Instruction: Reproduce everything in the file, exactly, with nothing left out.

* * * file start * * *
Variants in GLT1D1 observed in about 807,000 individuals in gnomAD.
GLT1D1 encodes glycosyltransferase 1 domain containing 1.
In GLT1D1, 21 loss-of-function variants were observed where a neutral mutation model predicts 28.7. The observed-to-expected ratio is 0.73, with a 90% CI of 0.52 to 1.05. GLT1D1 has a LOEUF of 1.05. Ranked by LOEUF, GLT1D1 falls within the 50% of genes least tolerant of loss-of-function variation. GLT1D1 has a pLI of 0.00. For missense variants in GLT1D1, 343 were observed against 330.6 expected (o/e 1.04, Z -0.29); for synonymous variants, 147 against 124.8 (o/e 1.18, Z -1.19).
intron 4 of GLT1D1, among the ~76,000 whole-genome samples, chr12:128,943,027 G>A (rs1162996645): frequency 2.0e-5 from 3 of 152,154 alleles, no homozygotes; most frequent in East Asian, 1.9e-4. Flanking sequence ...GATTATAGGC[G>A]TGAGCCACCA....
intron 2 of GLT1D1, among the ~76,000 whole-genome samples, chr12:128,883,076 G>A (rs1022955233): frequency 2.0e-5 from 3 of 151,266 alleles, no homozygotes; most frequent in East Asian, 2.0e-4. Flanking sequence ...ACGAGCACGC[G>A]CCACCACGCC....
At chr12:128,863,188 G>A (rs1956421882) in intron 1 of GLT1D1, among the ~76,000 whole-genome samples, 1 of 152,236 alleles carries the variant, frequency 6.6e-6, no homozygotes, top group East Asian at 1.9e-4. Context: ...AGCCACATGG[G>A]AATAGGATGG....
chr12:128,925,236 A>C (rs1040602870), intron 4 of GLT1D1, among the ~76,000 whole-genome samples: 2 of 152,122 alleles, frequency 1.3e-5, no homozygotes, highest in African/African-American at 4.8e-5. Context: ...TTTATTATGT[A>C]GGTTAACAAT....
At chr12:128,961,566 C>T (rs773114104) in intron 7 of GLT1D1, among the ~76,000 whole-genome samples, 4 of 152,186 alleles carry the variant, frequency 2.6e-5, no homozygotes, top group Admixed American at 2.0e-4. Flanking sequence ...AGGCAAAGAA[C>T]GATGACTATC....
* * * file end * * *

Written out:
Variants in GLT1D1 observed in about 807,000 individuals in gnomAD.
GLT1D1 encodes glycosyltransferase 1 domain containing 1.
In GLT1D1, 21 loss-of-function variants were observed where a neutral mutation model predicts 28.7. The observed-to-expected ratio is 0.73, with a 90% CI of 0.52 to 1.05. GLT1D1 has a LOEUF of 1.05. Ranked by LOEUF, GLT1D1 falls within the 50% of genes least tolerant of loss-of-function variation. GLT1D1 has a pLI of 0.00. For missense variants in GLT1D1, 343 were observed against 330.6 expected (o/e 1.04, Z -0.29); for synonymous variants, 147 against 124.8 (o/e 1.18, Z -1.19).
intron 4 of GLT1D1, among the ~76,000 whole-genome samples, chr12:128,943,027 G>A (rs1162996645): frequency 2.0e-5 from 3 of 152,154 alleles, no homozygotes; most frequent in East Asian, 1.9e-4. Flanking sequence ...GATTATAGGC[G>A]TGAGCCACCA....
intron 2 of GLT1D1, among the ~76,000 whole-genome samples, chr12:128,883,076 G>A (rs1022955233): frequency 2.0e-5 from 3 of 151,266 alleles, no homozygotes; most frequent in East Asian, 2.0e-4. Flanking sequence ...ACGAGCACGC[G>A]CCACCACGCC....
At chr12:128,863,188 G>A (rs1956421882) in intron 1 of GLT1D1, among the ~76,000 whole-genome samples, 1 of 152,236 alleles carries the variant, frequency 6.6e-6, no homozygotes, top group East Asian at 1.9e-4. Context: ...AGCCACATGG[G>A]AATAGGATGG....
chr12:128,925,236 A>C (rs1040602870), intron 4 of GLT1D1, among the ~76,000 whole-genome samples: 2 of 152,122 alleles, frequency 1.3e-5, no homozygotes, highest in African/African-American at 4.8e-5. Context: ...TTTATTATGT[A>C]GGTTAACAAT....
At chr12:128,961,566 C>T (rs773114104) in intron 7 of GLT1D1, among the ~76,000 whole-genome samples, 4 of 152,186 alleles carry the variant, frequency 2.6e-5, no homozygotes, top group Admixed American at 2.0e-4. Flanking sequence ...AGGCAAAGAA[C>T]GATGACTATC....